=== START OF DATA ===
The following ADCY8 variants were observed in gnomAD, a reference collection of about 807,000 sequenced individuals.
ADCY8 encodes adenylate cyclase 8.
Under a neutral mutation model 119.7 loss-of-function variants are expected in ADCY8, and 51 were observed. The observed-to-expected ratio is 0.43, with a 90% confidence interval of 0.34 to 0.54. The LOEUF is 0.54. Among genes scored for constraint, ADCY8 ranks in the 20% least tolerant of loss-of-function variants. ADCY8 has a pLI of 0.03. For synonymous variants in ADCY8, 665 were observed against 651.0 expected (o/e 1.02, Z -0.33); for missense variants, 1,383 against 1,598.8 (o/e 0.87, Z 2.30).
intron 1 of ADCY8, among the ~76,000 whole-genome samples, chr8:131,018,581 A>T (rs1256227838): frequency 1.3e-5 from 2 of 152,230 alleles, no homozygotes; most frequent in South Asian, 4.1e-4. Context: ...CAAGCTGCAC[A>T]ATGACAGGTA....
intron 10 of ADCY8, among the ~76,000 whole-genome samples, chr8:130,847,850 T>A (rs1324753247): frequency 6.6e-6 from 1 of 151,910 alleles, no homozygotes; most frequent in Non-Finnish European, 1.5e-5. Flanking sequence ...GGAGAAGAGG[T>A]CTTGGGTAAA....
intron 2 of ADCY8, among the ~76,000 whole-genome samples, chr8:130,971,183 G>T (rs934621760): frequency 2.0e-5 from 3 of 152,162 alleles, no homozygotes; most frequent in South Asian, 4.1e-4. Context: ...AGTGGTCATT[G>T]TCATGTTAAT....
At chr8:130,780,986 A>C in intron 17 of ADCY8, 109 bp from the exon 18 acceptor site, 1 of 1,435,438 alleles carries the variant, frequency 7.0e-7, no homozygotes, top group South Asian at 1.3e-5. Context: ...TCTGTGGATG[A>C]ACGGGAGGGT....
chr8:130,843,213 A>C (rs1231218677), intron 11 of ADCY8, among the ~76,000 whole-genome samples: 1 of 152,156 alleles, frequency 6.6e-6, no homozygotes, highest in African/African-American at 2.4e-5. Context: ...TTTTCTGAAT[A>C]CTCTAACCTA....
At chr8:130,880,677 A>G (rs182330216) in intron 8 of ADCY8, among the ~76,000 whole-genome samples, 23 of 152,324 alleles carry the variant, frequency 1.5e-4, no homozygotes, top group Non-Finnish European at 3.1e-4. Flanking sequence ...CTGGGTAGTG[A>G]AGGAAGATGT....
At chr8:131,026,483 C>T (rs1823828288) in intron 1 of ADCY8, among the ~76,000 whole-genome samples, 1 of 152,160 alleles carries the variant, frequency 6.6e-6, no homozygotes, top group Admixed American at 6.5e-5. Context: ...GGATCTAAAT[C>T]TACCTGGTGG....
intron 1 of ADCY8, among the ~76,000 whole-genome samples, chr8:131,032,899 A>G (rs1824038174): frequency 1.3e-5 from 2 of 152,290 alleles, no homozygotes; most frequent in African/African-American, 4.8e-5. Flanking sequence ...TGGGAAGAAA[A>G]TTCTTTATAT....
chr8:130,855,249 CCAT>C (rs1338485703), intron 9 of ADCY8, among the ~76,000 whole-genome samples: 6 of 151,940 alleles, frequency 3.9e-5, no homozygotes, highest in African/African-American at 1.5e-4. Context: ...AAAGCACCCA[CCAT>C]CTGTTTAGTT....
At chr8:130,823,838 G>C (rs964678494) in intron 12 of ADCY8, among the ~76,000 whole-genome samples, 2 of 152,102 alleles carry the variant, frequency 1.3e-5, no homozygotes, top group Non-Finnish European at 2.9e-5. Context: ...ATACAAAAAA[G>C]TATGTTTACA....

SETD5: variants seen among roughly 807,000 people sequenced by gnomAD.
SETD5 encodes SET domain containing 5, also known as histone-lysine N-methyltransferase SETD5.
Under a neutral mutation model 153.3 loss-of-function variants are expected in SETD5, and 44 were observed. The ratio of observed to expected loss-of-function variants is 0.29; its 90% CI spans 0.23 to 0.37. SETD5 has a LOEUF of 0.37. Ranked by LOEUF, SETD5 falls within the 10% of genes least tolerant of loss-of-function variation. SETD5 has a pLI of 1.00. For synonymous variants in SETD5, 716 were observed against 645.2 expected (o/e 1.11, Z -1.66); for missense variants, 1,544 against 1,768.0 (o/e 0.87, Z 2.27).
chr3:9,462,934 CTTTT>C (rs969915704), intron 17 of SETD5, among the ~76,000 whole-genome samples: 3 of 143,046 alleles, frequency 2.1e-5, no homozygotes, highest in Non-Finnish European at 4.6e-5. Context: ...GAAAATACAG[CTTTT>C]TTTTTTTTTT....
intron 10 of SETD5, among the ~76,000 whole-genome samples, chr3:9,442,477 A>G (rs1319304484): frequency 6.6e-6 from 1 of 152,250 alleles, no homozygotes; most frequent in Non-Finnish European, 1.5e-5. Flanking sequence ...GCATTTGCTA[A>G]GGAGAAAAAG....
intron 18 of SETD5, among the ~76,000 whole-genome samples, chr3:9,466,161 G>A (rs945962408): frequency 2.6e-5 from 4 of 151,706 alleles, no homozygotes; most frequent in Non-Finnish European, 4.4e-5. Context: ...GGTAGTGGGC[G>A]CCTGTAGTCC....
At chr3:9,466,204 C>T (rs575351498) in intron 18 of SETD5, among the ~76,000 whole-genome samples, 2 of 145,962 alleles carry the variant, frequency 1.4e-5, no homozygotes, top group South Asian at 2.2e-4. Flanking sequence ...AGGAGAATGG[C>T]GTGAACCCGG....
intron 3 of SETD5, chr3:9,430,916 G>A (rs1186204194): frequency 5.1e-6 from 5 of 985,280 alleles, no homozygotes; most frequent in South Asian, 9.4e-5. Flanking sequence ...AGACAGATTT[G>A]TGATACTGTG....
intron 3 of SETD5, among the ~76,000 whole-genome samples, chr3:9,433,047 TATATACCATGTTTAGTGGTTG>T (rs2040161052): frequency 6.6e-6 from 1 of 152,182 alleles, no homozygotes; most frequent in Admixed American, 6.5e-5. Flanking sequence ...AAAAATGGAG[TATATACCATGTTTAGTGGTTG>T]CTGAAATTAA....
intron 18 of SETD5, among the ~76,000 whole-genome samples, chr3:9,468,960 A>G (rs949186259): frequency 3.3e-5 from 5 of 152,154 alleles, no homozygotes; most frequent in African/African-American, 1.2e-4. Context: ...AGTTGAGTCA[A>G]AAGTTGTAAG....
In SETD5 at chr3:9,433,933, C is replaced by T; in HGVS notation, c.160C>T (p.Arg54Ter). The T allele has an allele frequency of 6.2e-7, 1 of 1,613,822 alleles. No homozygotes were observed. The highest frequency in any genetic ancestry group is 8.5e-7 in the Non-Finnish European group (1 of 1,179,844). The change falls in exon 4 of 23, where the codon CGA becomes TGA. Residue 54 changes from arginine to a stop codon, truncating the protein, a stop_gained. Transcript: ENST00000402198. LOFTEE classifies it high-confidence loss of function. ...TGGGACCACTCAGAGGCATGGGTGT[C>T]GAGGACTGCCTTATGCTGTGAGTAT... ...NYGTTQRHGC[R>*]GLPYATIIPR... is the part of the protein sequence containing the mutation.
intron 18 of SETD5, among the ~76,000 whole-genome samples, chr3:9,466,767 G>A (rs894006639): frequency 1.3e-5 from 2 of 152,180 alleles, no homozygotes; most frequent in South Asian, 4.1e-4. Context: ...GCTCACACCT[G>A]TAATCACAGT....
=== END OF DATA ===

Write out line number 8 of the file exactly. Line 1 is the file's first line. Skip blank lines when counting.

chr8:130,843,213 A>C (rs1231218677), intron 11 of ADCY8, among the ~76,000 whole-genome samples: 1 of 152,156 alleles, frequency 6.6e-6, no homozygotes, highest in African/African-American at 2.4e-5. Context: ...TTTTCTGAAT[A>C]CTCTAACCTA....